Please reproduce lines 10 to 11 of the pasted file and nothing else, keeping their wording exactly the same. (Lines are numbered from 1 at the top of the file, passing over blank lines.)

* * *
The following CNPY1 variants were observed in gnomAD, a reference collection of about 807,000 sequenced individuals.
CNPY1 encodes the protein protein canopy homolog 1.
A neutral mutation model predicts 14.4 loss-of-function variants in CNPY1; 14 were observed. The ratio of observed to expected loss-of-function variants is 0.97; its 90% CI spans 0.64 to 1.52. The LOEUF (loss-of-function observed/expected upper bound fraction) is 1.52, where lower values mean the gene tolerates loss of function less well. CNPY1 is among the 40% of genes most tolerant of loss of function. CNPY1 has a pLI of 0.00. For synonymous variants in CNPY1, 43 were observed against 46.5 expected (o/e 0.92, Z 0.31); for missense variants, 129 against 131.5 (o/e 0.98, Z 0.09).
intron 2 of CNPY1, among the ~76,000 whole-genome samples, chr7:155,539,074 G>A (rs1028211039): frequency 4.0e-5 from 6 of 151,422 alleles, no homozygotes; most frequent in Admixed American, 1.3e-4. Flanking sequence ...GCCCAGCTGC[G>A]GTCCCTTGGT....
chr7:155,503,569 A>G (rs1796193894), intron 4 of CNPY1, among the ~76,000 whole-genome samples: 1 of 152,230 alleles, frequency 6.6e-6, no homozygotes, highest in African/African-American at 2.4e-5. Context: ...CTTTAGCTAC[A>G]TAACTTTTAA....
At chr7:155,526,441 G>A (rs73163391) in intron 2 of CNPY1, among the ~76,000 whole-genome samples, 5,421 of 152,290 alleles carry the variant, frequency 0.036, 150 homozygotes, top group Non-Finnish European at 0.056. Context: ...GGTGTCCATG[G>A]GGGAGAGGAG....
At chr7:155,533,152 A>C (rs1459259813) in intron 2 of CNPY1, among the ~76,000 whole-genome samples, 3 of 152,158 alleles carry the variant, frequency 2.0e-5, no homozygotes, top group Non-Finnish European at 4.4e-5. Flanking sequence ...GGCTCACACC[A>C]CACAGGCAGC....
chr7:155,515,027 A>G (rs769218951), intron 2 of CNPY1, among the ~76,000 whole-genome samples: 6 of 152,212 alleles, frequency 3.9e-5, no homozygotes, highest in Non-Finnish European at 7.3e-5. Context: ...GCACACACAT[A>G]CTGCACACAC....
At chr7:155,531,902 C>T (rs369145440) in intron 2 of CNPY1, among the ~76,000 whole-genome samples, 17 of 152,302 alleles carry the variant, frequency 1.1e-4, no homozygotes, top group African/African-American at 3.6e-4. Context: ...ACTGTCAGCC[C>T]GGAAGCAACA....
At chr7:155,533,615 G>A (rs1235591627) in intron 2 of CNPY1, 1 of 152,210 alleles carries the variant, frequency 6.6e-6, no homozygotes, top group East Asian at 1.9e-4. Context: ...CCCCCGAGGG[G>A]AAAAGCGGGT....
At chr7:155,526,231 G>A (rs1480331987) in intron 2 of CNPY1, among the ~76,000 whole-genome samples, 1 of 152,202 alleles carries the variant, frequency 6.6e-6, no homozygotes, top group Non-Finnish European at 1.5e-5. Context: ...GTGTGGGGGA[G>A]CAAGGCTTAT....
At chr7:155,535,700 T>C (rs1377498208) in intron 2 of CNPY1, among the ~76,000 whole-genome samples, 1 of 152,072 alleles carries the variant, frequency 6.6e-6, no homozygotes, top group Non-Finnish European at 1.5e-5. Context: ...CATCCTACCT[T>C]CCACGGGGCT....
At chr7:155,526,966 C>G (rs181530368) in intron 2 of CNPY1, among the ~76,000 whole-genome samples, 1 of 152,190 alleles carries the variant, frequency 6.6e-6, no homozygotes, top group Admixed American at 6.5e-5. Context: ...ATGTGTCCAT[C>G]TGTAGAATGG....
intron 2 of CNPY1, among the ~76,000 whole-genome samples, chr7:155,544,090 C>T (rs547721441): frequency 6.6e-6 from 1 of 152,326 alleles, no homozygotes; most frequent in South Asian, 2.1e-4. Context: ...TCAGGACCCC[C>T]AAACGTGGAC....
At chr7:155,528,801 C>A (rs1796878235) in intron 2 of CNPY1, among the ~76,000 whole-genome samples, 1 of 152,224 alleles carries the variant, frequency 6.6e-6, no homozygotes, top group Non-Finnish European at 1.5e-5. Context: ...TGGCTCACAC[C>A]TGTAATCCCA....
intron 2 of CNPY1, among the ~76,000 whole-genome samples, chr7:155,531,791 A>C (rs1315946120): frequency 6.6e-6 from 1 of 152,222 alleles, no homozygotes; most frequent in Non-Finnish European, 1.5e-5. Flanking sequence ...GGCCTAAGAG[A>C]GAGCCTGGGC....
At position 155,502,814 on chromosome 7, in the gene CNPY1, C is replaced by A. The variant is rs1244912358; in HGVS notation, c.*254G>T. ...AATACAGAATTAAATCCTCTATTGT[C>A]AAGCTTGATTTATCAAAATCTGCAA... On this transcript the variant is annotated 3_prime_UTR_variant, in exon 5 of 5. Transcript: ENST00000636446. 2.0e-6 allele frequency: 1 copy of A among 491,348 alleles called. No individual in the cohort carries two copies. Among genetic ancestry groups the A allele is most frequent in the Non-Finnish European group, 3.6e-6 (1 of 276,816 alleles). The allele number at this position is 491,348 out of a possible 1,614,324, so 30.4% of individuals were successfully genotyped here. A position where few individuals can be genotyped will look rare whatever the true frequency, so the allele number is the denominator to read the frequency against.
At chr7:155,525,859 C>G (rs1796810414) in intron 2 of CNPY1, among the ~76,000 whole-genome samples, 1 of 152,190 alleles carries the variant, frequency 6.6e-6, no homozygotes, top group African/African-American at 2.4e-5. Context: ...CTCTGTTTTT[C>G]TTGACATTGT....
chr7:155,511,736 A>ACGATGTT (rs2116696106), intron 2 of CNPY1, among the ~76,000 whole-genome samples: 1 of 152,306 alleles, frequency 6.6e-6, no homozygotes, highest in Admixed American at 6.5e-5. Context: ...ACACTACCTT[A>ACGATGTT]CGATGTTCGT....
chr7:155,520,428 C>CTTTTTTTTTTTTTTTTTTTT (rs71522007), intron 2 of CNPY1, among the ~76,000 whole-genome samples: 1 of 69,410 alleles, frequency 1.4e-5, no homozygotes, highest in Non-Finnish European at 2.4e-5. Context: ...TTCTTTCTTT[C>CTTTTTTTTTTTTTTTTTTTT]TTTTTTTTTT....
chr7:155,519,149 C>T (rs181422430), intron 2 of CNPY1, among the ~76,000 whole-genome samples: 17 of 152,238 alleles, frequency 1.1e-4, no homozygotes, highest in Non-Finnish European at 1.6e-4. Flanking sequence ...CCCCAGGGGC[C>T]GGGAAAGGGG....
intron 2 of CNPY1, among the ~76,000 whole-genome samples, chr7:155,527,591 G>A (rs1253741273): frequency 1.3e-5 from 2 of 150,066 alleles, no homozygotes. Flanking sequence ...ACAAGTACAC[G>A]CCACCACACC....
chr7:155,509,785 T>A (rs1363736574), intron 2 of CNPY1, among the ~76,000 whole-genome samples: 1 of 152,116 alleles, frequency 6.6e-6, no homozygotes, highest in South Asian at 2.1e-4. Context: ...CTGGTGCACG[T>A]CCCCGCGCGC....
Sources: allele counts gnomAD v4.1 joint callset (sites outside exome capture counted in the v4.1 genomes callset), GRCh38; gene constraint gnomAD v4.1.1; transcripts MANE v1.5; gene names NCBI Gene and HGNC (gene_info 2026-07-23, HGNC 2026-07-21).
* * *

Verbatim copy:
At chr7:155,533,615 G>A (rs1235591627) in intron 2 of CNPY1, 1 of 152,210 alleles carries the variant, frequency 6.6e-6, no homozygotes, top group East Asian at 1.9e-4. Context: ...CCCCCGAGGG[G>A]AAAAGCGGGT....
At chr7:155,526,231 G>A (rs1480331987) in intron 2 of CNPY1, among the ~76,000 whole-genome samples, 1 of 152,202 alleles carries the variant, frequency 6.6e-6, no homozygotes, top group Non-Finnish European at 1.5e-5. Context: ...GTGTGGGGGA[G>A]CAAGGCTTAT....